Sunday, 18 June 2017






















Bluets by Maggie Nelson    {Reviewed by THOMAS}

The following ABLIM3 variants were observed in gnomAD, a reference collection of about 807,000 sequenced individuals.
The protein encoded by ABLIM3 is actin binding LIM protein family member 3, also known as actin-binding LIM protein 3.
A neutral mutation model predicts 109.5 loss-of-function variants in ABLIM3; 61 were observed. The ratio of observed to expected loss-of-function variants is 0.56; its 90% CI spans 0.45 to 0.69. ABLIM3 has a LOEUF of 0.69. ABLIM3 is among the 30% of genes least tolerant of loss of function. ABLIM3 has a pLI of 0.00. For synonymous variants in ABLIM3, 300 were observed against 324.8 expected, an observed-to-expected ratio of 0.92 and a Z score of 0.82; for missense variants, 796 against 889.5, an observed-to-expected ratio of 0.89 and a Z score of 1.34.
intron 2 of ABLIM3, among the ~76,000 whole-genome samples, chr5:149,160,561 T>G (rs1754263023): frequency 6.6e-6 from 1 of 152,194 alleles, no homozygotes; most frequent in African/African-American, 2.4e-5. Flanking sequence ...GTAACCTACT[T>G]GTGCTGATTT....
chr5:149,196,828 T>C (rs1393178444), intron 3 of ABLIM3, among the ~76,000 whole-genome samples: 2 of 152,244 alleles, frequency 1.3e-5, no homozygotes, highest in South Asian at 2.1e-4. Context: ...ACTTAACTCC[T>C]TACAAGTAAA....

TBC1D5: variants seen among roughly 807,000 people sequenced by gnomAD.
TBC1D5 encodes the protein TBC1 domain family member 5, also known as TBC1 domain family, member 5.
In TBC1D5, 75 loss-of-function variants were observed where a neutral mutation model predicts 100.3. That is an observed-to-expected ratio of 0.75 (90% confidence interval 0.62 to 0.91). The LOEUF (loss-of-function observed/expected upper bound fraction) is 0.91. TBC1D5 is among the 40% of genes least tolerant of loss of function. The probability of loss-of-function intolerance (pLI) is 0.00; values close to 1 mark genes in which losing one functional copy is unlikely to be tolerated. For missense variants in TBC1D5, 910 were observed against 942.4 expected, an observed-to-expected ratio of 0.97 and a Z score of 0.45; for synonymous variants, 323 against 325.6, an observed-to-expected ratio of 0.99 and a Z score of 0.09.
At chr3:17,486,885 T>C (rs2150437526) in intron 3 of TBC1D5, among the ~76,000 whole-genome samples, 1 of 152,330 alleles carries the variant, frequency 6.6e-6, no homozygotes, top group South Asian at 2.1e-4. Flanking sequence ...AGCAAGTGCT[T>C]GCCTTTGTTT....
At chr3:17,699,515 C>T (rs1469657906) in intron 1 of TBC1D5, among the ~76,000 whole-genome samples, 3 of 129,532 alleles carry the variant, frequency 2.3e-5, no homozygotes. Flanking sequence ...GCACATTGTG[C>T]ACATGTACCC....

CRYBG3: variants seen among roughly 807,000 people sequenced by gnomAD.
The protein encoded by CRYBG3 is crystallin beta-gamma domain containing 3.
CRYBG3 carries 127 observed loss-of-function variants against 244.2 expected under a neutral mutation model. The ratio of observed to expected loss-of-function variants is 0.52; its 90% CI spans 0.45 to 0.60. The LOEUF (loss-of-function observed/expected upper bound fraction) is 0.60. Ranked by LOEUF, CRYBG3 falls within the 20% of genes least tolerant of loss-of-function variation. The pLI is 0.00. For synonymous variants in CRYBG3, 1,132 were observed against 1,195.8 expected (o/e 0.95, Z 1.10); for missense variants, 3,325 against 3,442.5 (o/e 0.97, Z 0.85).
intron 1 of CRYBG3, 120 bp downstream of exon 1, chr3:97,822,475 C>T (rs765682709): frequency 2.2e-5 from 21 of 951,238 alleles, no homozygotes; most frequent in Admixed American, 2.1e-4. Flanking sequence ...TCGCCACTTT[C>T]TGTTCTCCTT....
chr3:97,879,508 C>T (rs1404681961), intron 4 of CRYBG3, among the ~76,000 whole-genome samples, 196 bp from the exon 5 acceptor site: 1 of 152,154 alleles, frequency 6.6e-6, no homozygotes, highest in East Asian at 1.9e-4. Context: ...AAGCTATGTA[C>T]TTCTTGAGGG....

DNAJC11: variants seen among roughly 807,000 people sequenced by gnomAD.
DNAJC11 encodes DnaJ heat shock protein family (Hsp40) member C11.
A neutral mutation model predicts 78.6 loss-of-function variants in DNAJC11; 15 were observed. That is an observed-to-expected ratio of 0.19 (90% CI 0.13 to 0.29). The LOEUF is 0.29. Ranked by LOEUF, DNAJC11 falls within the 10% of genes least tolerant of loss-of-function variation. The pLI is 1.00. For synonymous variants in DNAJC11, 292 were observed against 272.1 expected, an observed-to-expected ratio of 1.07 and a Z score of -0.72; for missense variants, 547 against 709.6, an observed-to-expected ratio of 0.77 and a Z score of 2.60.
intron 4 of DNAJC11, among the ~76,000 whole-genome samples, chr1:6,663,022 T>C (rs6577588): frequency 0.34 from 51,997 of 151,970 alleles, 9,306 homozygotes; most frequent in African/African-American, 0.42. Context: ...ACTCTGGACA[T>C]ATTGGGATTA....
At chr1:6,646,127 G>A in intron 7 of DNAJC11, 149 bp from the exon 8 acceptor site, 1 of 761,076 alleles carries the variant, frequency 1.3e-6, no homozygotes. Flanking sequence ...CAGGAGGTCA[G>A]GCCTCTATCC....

“We love to contemplate blue, not because it advances to us but because it draws us after it,” wrote Goethe. Maggie Nelson’s book, comprised of 240 short numbered, mostly beautifully written passages, describes her life-long affinity for and attraction to (what she calls ‘love’ for) the colour blue in all its literal and figurative senses, along with describing a period of mourning after the end of an intense relationship (also called ‘love’). She is, she says, not interested in learning “what has been real and what has been false, but what has been bitter, and what has been sweet.” To this end, and with the assistance of a range of co-opted “blue correspondents” reporting from art, literature and history, she intimates a field of nuanced responses to the colour blue, even though subjective colour response is almost impossible to communicate. Indeed, blue’s attraction is almost its absence of meaning, or its relief from meaning. “Blue has no mind. It is not wise, nor does it promise wisdom. It is beautiful, and despite what the poets and philosophers and theologians have said, I think beauty neither obscures truth nor reveals it. It leads neither towards justice nor away from it.” More than colour, blue is also merely colour, altering the cast of whatever it is seen upon. Although she attempts to draw correlations between the two (“I have found myself wondering if seeing a particularly astonishing shade of blue, for example, or letting a particularly potent person inside you, could alter you irrevocably, just to have seen or felt it. In which case, how does one know when, or how, to refuse? How to recover?”), there is an apparently unbridgeable gap in Nelson’s life, at least in the period treated in this book, between, on the one side, her intellectual passions and, on the other, her physical passions, between, as she would term it, thinking and fucking. Each side yearns towards the other, but encounters only the seductively nullifying colour of the void between them: blue.

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